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Thoracic imaging, or what is often called as chest X-ray (CXR) is a radiographic projection of the thorax intended to diagnose the conditions affecting the thorax, its contents and the nearby structures. CXR uses ionized radiation in the form of X-ray. In order to form a radiograph, the dosage of radiation for adults is around 0.06 mSv.

CXR is used to diagnose numerous conditions involving thoracic wall, thoracic vertebrae, and the structures within the thoracic cavity, including the lung, heart and great vessels. Pneumonia and congestive heart failure are often diagnosed by CXR. CXR is often used for the screenings of pulmonary diseases related to industrial works such as mining where the workers are exposed to dust.

In general, the functions of CXR are:
- to observe congenital abnormalities (the heart, vascular)
- to observe the presence of trauma (pneumothorax, hemothorax)
- to observe the presence of infection (generally tuberculosis/TB)
- to check the heart' s condition
- to check the lung' s condition

In some conditions, CXR is suitable for screening, but not for diagnosing. At times when, based on the CXR, abnormalities are suspected, additional thoracic imaging test can be performed to obtain a surer diagnosis or evidences supporting the CXR diagnosis.

Different images of the thorax can be obtained by altering the body' s relative orientation and the direction of X-ray. The most common images are posteroanterior (PA), anteroposterior (AP) and lateral.

1. Posteroanterior (PA)

In PA, X-ray source is positioned so as to it comes in from the posterior (back) part of the thorax and comes out from the anterior (front) part where it will be detected. To get this image, an individual stands facing a flat surface that functions as X-ray detector. Radiation source is placed behind the patient at a standard distance, and the X-ray is then transmitted to the patient.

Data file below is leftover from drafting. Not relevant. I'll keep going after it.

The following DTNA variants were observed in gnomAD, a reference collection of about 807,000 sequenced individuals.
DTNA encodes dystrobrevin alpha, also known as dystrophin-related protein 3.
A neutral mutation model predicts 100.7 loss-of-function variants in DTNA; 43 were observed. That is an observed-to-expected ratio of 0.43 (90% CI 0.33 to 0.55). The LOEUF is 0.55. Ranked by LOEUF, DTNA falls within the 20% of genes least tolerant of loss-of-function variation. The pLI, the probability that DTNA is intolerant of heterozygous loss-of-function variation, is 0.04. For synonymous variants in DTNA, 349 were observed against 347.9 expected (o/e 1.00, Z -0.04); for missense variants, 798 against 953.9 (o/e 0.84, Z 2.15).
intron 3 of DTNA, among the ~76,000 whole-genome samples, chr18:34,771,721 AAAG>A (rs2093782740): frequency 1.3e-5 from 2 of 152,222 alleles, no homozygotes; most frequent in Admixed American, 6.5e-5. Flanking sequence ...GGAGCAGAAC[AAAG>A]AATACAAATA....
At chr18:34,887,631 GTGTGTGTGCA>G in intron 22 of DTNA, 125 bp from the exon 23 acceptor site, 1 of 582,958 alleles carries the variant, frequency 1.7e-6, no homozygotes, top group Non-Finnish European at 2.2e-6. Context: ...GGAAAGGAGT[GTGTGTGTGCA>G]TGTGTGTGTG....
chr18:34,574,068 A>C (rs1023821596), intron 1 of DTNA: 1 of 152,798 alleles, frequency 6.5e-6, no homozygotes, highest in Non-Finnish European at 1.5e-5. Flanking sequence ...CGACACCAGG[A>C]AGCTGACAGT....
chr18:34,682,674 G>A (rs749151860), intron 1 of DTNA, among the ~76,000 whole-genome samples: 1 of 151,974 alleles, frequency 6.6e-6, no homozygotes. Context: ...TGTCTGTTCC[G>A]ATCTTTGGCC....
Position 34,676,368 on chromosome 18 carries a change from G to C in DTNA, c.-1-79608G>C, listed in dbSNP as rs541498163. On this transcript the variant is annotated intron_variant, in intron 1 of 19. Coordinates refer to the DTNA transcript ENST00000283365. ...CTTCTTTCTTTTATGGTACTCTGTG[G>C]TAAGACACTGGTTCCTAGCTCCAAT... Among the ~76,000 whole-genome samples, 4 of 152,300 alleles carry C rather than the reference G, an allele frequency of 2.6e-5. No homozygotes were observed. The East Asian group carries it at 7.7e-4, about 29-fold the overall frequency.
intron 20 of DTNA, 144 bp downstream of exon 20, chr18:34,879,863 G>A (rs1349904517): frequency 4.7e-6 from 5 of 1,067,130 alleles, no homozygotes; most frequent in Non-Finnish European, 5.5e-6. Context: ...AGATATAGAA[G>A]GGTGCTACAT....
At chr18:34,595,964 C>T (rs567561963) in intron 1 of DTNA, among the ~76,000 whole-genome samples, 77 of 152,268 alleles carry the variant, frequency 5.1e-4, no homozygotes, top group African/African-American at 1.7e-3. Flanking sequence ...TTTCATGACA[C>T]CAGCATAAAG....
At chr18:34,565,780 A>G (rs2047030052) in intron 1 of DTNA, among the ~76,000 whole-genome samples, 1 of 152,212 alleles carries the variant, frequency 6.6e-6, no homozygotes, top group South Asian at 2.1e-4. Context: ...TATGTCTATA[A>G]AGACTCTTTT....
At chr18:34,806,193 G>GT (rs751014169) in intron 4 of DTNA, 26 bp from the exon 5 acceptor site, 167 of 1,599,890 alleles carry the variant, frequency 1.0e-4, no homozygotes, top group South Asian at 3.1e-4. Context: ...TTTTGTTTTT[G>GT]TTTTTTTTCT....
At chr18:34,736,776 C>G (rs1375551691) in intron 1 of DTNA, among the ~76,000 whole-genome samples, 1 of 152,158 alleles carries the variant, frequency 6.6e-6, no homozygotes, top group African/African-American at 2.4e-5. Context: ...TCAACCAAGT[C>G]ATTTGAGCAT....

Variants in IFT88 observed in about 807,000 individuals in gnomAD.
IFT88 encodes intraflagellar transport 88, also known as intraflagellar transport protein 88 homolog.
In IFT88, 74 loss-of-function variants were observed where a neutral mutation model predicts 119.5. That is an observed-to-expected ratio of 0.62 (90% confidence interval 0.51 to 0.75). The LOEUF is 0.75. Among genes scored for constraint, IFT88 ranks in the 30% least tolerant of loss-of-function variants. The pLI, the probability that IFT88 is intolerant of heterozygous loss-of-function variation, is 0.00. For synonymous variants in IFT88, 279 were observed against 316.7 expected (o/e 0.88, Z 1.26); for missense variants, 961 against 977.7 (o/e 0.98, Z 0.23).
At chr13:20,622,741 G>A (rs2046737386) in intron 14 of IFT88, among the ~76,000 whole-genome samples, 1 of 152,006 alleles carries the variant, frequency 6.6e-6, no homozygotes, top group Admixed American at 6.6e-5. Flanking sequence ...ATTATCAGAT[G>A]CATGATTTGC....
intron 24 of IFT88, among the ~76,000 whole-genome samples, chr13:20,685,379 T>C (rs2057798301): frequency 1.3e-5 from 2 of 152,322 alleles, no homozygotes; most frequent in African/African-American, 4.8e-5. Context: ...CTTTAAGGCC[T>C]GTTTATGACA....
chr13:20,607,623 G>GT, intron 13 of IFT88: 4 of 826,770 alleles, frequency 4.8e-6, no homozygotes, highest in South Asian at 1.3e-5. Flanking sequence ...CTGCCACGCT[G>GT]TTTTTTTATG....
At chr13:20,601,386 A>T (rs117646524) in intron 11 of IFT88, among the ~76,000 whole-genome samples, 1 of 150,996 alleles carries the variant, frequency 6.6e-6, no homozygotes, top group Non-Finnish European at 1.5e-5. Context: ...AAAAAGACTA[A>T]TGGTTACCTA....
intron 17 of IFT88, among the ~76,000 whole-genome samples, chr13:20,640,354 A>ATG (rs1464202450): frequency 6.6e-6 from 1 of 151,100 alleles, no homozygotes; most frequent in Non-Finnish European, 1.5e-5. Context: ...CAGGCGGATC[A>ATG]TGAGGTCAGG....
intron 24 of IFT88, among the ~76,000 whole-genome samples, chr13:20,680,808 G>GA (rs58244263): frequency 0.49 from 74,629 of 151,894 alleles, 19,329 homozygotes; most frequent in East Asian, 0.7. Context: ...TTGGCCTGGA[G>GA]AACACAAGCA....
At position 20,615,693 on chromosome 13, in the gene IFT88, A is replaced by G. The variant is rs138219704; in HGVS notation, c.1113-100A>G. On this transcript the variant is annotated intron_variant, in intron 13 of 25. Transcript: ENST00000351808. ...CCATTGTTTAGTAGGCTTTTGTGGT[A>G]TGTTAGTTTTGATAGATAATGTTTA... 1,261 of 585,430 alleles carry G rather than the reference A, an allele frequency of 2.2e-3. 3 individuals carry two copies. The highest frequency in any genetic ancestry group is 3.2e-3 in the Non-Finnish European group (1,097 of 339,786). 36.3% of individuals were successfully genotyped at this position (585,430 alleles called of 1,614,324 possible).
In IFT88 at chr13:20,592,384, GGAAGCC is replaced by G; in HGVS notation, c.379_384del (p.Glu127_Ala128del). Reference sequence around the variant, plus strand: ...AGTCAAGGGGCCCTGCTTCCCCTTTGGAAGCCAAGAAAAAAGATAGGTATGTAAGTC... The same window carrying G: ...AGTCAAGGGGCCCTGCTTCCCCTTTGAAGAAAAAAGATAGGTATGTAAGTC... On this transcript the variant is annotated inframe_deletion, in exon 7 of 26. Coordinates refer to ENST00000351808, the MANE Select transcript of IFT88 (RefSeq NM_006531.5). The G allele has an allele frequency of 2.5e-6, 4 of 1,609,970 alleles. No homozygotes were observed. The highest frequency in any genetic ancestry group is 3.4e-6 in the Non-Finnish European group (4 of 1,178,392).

2. Anteroposterior (AP)

In AP, the position of X-ray and detector is the opposite of PA. AP chest X-ray is harder to interpret than PA, and therefore it is used in a situation where it is difficult to get a normal chest X-ray due to the patient' s inability to get up from the bed. In such situation, mobile X-ray is used to get a lying down CXR ("supine film"). As a result, most supine films are also AP.

3. Lateral

Lateral image can be obtained using similar methods employed in PA, but in lateral the patient stands with both arms raised and the left side of the thorax being pressed against a flat surface.

Abnormalities usually spotted through CXR are:

1. Nodule (a distinct spot on the lung)

It is usually caused by benign/malignant neoplasm, granuloma (tuberculosis), infection (pneumoniae), vascular infarction, varix, Wegener' s granulomatosis and rheumatoid arthritis. The growth speed, classification, shape and location of a nodule can assist in the diagnosis. The nodule can be many.

2. Cavity

Cavity is a walled hollow structure within the lung. It is usually caused by cancer, pulmonary embolism, Staphylococcus aureus infection, tuberculosis, Klebsiella pneumoniae, anaerobic bacteria and fungi, and Wegener' s granulomatosis.

3. Pleural abnormality

Pleural fluid is a fluid existing between the lung and the thoracic wall. Pleural effusion can occur on cancer, sarcoid, connective tissue disease and lymphangioleiomyomatosis.

Though CXR is a cheap and relatively safe method, there are several severe thoracic conditions that may give a normal CXR result, such as the result of a patient with acute myocardial infarction.